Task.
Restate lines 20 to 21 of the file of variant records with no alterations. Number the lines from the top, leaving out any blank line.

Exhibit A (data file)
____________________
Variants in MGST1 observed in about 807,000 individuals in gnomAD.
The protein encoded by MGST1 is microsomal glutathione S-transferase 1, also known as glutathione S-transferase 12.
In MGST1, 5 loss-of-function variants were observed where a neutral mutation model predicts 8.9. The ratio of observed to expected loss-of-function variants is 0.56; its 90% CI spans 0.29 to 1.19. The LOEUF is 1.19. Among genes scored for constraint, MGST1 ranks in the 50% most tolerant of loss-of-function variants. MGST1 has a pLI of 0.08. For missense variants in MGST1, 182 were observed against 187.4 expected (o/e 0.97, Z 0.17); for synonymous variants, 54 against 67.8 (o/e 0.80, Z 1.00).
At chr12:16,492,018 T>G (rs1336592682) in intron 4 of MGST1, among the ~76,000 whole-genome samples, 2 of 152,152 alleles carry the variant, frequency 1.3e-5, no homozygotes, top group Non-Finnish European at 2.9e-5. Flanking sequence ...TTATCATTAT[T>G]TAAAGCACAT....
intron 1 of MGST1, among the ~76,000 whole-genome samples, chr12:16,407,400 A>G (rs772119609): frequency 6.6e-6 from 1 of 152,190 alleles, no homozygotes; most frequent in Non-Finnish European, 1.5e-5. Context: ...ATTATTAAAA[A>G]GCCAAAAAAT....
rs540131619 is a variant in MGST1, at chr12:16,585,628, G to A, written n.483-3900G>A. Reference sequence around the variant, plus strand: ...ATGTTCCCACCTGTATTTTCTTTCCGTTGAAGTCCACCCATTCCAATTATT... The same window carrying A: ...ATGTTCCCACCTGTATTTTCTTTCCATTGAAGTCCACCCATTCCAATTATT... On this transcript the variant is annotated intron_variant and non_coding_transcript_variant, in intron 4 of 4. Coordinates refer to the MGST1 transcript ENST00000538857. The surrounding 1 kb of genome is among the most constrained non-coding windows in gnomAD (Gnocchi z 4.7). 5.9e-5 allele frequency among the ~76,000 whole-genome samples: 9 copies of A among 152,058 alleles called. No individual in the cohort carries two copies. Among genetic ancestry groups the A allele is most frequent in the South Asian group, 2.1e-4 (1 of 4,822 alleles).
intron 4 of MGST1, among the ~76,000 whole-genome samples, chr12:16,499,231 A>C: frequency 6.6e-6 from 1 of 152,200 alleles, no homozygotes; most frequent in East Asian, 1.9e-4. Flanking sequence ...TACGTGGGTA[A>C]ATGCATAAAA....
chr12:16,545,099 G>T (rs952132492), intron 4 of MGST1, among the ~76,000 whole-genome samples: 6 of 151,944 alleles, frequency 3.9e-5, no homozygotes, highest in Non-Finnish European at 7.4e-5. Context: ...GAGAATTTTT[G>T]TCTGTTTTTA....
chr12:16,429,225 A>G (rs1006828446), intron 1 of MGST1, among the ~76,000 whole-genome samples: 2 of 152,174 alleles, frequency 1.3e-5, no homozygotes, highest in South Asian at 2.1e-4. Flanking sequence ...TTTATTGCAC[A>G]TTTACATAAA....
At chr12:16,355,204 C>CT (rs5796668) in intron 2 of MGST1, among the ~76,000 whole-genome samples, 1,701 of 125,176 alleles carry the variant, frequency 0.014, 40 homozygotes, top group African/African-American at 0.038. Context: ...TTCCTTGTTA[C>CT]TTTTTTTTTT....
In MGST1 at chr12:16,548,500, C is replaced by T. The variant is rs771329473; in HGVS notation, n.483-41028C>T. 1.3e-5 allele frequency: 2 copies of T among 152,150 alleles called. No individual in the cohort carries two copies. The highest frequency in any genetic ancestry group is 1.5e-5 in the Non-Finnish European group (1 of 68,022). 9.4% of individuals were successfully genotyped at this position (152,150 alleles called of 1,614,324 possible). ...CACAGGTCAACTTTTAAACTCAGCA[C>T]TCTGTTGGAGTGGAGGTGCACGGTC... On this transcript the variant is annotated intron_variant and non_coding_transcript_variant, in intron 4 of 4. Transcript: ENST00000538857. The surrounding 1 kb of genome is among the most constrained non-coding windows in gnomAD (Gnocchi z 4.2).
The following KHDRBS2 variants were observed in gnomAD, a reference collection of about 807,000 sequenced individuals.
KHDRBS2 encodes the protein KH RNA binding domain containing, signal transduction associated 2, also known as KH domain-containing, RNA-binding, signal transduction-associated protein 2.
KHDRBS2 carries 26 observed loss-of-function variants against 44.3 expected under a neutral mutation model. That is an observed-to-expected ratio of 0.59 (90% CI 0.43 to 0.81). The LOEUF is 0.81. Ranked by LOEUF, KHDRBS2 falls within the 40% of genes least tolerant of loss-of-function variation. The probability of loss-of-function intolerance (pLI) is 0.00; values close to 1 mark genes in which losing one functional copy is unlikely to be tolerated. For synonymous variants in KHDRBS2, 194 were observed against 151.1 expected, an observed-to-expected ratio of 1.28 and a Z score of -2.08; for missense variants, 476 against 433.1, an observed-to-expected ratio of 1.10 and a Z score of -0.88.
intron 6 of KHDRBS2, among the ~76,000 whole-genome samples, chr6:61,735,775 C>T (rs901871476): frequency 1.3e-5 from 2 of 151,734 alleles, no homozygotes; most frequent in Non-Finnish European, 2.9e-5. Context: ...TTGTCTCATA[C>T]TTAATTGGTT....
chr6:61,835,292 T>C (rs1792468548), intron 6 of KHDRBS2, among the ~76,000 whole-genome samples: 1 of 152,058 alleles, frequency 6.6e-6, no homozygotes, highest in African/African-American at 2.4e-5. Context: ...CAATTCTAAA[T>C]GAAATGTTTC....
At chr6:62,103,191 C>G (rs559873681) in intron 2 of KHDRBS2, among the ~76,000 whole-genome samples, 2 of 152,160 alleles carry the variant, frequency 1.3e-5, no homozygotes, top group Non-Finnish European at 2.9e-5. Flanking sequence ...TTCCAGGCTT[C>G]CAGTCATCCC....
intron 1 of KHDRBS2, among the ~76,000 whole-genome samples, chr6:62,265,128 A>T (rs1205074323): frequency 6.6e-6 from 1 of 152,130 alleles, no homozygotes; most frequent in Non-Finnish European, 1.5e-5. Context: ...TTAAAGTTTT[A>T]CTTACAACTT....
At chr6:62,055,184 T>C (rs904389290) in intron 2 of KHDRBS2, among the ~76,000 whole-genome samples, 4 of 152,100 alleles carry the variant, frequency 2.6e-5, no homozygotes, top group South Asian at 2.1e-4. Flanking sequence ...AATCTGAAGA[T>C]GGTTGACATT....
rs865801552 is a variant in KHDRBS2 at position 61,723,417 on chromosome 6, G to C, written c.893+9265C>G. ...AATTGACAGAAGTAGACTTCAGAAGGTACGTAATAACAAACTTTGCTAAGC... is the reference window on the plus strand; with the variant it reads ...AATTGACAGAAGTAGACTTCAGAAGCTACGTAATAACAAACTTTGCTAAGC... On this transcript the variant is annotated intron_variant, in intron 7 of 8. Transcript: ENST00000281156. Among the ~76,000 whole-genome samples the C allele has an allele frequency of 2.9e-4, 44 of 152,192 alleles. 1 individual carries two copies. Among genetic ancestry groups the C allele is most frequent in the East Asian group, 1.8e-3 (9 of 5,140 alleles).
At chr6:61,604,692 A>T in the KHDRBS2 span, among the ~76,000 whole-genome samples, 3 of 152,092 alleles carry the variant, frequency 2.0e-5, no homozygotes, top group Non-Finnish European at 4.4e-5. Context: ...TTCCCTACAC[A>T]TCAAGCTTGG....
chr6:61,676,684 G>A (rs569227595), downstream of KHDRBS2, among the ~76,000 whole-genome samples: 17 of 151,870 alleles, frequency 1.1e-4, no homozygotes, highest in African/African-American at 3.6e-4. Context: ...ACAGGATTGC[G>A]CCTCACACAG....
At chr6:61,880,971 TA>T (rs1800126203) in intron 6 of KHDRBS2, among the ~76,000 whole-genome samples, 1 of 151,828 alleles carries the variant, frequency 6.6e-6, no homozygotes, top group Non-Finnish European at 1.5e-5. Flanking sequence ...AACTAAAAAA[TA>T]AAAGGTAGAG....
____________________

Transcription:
rs865801552 is a variant in KHDRBS2 at position 61,723,417 on chromosome 6, G to C, written c.893+9265C>G. ...AATTGACAGAAGTAGACTTCAGAAGGTACGTAATAACAAACTTTGCTAAGC... is the reference window on the plus strand; with the variant it reads ...AATTGACAGAAGTAGACTTCAGAAGCTACGTAATAACAAACTTTGCTAAGC... On this transcript the variant is annotated intron_variant, in intron 7 of 8. Transcript: ENST00000281156. Among the ~76,000 whole-genome samples the C allele has an allele frequency of 2.9e-4, 44 of 152,192 alleles. 1 individual carries two copies. Among genetic ancestry groups the C allele is most frequent in the East Asian group, 1.8e-3 (9 of 5,140 alleles).
At chr6:61,604,692 A>T in the KHDRBS2 span, among the ~76,000 whole-genome samples, 3 of 152,092 alleles carry the variant, frequency 2.0e-5, no homozygotes, top group Non-Finnish European at 4.4e-5. Context: ...TTCCCTACAC[A>T]TCAAGCTTGG....